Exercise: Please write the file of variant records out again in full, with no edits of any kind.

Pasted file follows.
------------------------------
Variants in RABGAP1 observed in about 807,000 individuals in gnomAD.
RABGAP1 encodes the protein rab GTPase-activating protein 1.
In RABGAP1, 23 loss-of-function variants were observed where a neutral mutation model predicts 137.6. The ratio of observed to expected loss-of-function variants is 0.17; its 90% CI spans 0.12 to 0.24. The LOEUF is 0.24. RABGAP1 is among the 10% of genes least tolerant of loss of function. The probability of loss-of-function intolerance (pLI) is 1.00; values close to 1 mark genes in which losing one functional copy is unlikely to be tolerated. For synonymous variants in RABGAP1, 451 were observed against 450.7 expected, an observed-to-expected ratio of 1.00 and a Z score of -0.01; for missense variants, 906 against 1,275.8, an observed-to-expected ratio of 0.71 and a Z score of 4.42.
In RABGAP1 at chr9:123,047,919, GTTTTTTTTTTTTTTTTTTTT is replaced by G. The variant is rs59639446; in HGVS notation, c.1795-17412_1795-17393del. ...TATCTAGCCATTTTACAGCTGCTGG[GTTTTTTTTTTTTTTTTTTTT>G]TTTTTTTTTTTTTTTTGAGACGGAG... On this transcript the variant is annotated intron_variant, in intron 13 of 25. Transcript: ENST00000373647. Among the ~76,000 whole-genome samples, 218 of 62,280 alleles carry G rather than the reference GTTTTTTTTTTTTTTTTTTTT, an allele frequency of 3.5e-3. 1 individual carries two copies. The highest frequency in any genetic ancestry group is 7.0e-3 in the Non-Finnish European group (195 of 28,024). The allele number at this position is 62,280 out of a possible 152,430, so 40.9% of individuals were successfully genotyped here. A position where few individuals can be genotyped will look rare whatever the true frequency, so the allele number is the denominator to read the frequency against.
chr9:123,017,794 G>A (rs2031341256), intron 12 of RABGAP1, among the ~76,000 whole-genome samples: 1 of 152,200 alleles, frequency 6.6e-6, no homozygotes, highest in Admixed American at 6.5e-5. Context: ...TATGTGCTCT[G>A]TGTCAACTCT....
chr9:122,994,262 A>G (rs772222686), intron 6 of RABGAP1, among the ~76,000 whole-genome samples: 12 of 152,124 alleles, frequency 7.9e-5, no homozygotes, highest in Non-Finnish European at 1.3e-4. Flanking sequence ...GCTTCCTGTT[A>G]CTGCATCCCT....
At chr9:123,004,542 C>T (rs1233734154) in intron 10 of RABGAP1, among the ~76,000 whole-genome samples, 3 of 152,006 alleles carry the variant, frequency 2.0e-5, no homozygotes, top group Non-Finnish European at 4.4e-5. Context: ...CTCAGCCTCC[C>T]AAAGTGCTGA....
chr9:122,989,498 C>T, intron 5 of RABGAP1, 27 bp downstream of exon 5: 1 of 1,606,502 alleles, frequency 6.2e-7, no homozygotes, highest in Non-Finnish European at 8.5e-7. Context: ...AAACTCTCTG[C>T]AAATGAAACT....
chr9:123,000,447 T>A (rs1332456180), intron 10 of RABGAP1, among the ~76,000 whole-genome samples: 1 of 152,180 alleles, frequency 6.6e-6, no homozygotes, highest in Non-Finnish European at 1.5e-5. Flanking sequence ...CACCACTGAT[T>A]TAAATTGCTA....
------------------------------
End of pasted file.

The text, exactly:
Variants in RABGAP1 observed in about 807,000 individuals in gnomAD.
RABGAP1 encodes the protein rab GTPase-activating protein 1.
In RABGAP1, 23 loss-of-function variants were observed where a neutral mutation model predicts 137.6. The ratio of observed to expected loss-of-function variants is 0.17; its 90% CI spans 0.12 to 0.24. The LOEUF is 0.24. RABGAP1 is among the 10% of genes least tolerant of loss of function. The probability of loss-of-function intolerance (pLI) is 1.00; values close to 1 mark genes in which losing one functional copy is unlikely to be tolerated. For synonymous variants in RABGAP1, 451 were observed against 450.7 expected, an observed-to-expected ratio of 1.00 and a Z score of -0.01; for missense variants, 906 against 1,275.8, an observed-to-expected ratio of 0.71 and a Z score of 4.42.
In RABGAP1 at chr9:123,047,919, GTTTTTTTTTTTTTTTTTTTT is replaced by G. The variant is rs59639446; in HGVS notation, c.1795-17412_1795-17393del. ...TATCTAGCCATTTTACAGCTGCTGG[GTTTTTTTTTTTTTTTTTTTT>G]TTTTTTTTTTTTTTTTGAGACGGAG... On this transcript the variant is annotated intron_variant, in intron 13 of 25. Transcript: ENST00000373647. Among the ~76,000 whole-genome samples, 218 of 62,280 alleles carry G rather than the reference GTTTTTTTTTTTTTTTTTTTT, an allele frequency of 3.5e-3. 1 individual carries two copies. The highest frequency in any genetic ancestry group is 7.0e-3 in the Non-Finnish European group (195 of 28,024). The allele number at this position is 62,280 out of a possible 152,430, so 40.9% of individuals were successfully genotyped here. A position where few individuals can be genotyped will look rare whatever the true frequency, so the allele number is the denominator to read the frequency against.
chr9:123,017,794 G>A (rs2031341256), intron 12 of RABGAP1, among the ~76,000 whole-genome samples: 1 of 152,200 alleles, frequency 6.6e-6, no homozygotes, highest in Admixed American at 6.5e-5. Context: ...TATGTGCTCT[G>A]TGTCAACTCT....
chr9:122,994,262 A>G (rs772222686), intron 6 of RABGAP1, among the ~76,000 whole-genome samples: 12 of 152,124 alleles, frequency 7.9e-5, no homozygotes, highest in Non-Finnish European at 1.3e-4. Flanking sequence ...GCTTCCTGTT[A>G]CTGCATCCCT....
At chr9:123,004,542 C>T (rs1233734154) in intron 10 of RABGAP1, among the ~76,000 whole-genome samples, 3 of 152,006 alleles carry the variant, frequency 2.0e-5, no homozygotes, top group Non-Finnish European at 4.4e-5. Context: ...CTCAGCCTCC[C>T]AAAGTGCTGA....
chr9:122,989,498 C>T, intron 5 of RABGAP1, 27 bp downstream of exon 5: 1 of 1,606,502 alleles, frequency 6.2e-7, no homozygotes, highest in Non-Finnish European at 8.5e-7. Context: ...AAACTCTCTG[C>T]AAATGAAACT....
chr9:123,000,447 T>A (rs1332456180), intron 10 of RABGAP1, among the ~76,000 whole-genome samples: 1 of 152,180 alleles, frequency 6.6e-6, no homozygotes, highest in Non-Finnish European at 1.5e-5. Flanking sequence ...CACCACTGAT[T>A]TAAATTGCTA....